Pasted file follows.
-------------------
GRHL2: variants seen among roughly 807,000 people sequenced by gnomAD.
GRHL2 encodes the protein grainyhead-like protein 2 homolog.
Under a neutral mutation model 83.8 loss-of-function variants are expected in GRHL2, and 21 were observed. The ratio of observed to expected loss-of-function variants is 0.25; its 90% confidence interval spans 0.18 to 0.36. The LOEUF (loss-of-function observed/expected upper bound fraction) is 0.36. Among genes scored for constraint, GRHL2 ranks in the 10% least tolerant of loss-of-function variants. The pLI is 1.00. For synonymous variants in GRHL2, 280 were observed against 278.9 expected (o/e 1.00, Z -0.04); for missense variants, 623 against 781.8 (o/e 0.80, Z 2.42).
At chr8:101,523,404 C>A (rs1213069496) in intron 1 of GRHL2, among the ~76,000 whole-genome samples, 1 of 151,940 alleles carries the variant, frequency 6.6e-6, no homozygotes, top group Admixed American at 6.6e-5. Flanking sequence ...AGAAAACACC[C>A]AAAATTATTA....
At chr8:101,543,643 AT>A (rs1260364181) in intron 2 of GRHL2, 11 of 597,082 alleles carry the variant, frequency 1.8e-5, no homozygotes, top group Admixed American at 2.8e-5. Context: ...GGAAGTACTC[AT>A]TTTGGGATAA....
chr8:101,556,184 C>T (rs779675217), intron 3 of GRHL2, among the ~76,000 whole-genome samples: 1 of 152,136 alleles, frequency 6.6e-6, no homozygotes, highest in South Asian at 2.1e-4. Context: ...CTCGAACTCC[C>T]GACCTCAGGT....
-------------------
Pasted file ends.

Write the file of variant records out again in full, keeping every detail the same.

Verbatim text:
GRHL2: variants seen among roughly 807,000 people sequenced by gnomAD.
GRHL2 encodes the protein grainyhead-like protein 2 homolog.
Under a neutral mutation model 83.8 loss-of-function variants are expected in GRHL2, and 21 were observed. The ratio of observed to expected loss-of-function variants is 0.25; its 90% confidence interval spans 0.18 to 0.36. The LOEUF (loss-of-function observed/expected upper bound fraction) is 0.36. Among genes scored for constraint, GRHL2 ranks in the 10% least tolerant of loss-of-function variants. The pLI is 1.00. For synonymous variants in GRHL2, 280 were observed against 278.9 expected (o/e 1.00, Z -0.04); for missense variants, 623 against 781.8 (o/e 0.80, Z 2.42).
At chr8:101,523,404 C>A (rs1213069496) in intron 1 of GRHL2, among the ~76,000 whole-genome samples, 1 of 151,940 alleles carries the variant, frequency 6.6e-6, no homozygotes, top group Admixed American at 6.6e-5. Flanking sequence ...AGAAAACACC[C>A]AAAATTATTA....
At chr8:101,543,643 AT>A (rs1260364181) in intron 2 of GRHL2, 11 of 597,082 alleles carry the variant, frequency 1.8e-5, no homozygotes, top group Admixed American at 2.8e-5. Context: ...GGAAGTACTC[AT>A]TTTGGGATAA....
chr8:101,556,184 C>T (rs779675217), intron 3 of GRHL2, among the ~76,000 whole-genome samples: 1 of 152,136 alleles, frequency 6.6e-6, no homozygotes, highest in South Asian at 2.1e-4. Context: ...CTCGAACTCC[C>T]GACCTCAGGT....